Charles Shifflett Luthier - home page

Charles Shifflett Acoustic Guitars

Charles Shifflett Guitars....

And custom guitar prices:

I've been building guitars for some years now. Prices are one of the hardest things for luthiers (and most artisans) to talk about. But here is how I am presently working things: My most economical guitar right now (today, early 2003) is $4,600 Can dollars plus case. (that is about $2,700 U.S. ) That guitar is a Flamenco. It is a fine guitar, but is a little faster to make than a rosewood guitar because, using cypress for back and sides means I don't have to pore fill (no large open pores as in rosewood). And also this style of guitar traditionally has less ornate purflings, bridge etc. than some others guitars. The most often ordered guitar is an Indian rosewood/Engelman spruce Classic guitar is 5,000 Canadian dollars, plus case & any applicable tax.

Generally, my guitars are about 5,000 to 10,000 Canadian dollars. Often a customer works his/her self up to spending 5 K or so, but then can't resist adding some options making a few changes while waiting for their guitars turn to be built ......and over a few visits we, together design a truly one of a kind instrument.

As well as some very dry, stable Spruce, Cedar, Mahogany and Indian Rosewood, I have in stock woods such as Flamed maple, Hawaiian Koa, African Blackwood, and many others. Options such as Brazilian Rosewood, and African Blackwood can add $1500 to $3000. Prices are affected not just by rarity but also because some woods are harder to work than others...for example although there are no large open pores to fill, Big leaf maple shows the tiniest flaws in sanding, especially when French polished. (But then the light refraction of French polish on Flamed Maple also adds a depth to the finish that no other finish can!)

Other options:

There are numerous options that I could list and worry and fret over additional costs....... Sorry just can't be bothered! If you want something different and the cost isn't really significant to me.... then you probably won't pay much extra for it........ Eg: so you want a 640 or 660m.m. scale fingerboard instead of a 650. My cost is nearly the same. Or perhaps you prefer Rosewood or Kingwood binding instead of Ebony binding; I have these in stock & the cost to me is I may not need to charge you more for it.

A very short course on 'Luth-speak', and repair prices:

Here are some definitions (so we can talk the same language)..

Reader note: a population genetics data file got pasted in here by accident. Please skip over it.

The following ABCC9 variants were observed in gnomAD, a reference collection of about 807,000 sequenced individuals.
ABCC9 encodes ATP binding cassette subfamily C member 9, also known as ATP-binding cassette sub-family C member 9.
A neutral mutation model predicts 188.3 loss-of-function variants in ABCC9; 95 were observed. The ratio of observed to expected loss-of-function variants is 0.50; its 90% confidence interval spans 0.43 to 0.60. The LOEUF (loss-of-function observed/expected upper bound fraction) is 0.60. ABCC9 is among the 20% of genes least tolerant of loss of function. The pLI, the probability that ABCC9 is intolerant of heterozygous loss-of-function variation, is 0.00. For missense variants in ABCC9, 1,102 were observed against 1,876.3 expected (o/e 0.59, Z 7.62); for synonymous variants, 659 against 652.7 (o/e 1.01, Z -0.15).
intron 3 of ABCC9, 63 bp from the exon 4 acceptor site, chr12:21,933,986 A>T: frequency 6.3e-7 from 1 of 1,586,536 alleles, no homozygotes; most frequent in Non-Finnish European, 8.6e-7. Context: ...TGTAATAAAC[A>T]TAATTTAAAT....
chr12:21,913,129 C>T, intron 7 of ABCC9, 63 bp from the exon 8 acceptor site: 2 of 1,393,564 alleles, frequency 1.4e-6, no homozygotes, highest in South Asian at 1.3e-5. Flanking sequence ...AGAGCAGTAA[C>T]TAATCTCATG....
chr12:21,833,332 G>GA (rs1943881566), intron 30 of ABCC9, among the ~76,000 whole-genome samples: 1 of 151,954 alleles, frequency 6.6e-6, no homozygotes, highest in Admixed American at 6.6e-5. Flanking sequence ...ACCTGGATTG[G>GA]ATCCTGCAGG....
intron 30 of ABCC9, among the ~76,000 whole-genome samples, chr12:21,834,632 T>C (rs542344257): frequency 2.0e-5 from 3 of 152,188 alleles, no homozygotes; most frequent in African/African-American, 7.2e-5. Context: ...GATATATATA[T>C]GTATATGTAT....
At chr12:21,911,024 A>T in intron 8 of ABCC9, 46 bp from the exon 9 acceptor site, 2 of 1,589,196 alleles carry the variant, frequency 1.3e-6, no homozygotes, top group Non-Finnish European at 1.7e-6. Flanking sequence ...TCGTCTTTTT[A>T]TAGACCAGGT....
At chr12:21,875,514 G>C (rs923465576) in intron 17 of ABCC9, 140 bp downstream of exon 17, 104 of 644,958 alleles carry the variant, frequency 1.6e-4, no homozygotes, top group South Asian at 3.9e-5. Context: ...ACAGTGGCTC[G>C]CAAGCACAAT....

Action --is the distance between the strings and the frets. Measurements at the 1st, 5th, and 12th fret are the most important. --Also, the overall playability of the instrument.

'Intonation' and 'Compensation':
When a string is pressed down to the fingerboard, the string is stretched, raising tension. This makes the string play sharp = a rise in 'intonation'. To set the intonation correctly so that the guitar will play in tune, this effect must be compensated for. We could move all the frets away from the bridge to varying degrees, but what we do instead is move the bridge saddle further away from the frets. But 'intonation compensation' done correctly must be done for the specific 'action' of that instrument, and even for the specific strings in use, and of course different amounts for different brands and guages of strings (because they are made differently with different materials etc.)
This is why the bridge saddle on steel string guitars is on an angle. Alas, putting the saddle on an angle just gets the saddle in the ballpark of where it actually belongs. The vibrating length of each string must end at exactly the right place, for it to play in tune, especially up the neck because the further up the neck you play the more evident the problem is. On factory built guitars it is sometimes necessary to mill the bridge slot wider in order to use a wider saddle, that can be shaped to solve this problem. Sometimes it is even necessary to relocate or replace the bridge. None of this is unusual or a problem for a good repair shop. In fact even 12 string guitars can be made to play in tune

Now, on to some repair prices..

Here is the usual waiver

This Spring of 2003 Common Repairs 'price guide', is intended to give customers an approximation of prices. Final prices will vary somewhat, depending on the instrument's age, condition, value, quality and stability of previous repairs, etc. I've noticed that some luthier's published prices are much higher than mine (and I am sure some are lower) ...but many of the more expensive luthiers are from major American port cities and I think it's a cost of living thing that probably evens out over all. I certainly am not trying to 'undercut' anyone! I am quite busy enough already thank you and I really am not interested in those customers who are looking for the cheapest bargain work instead of the best work.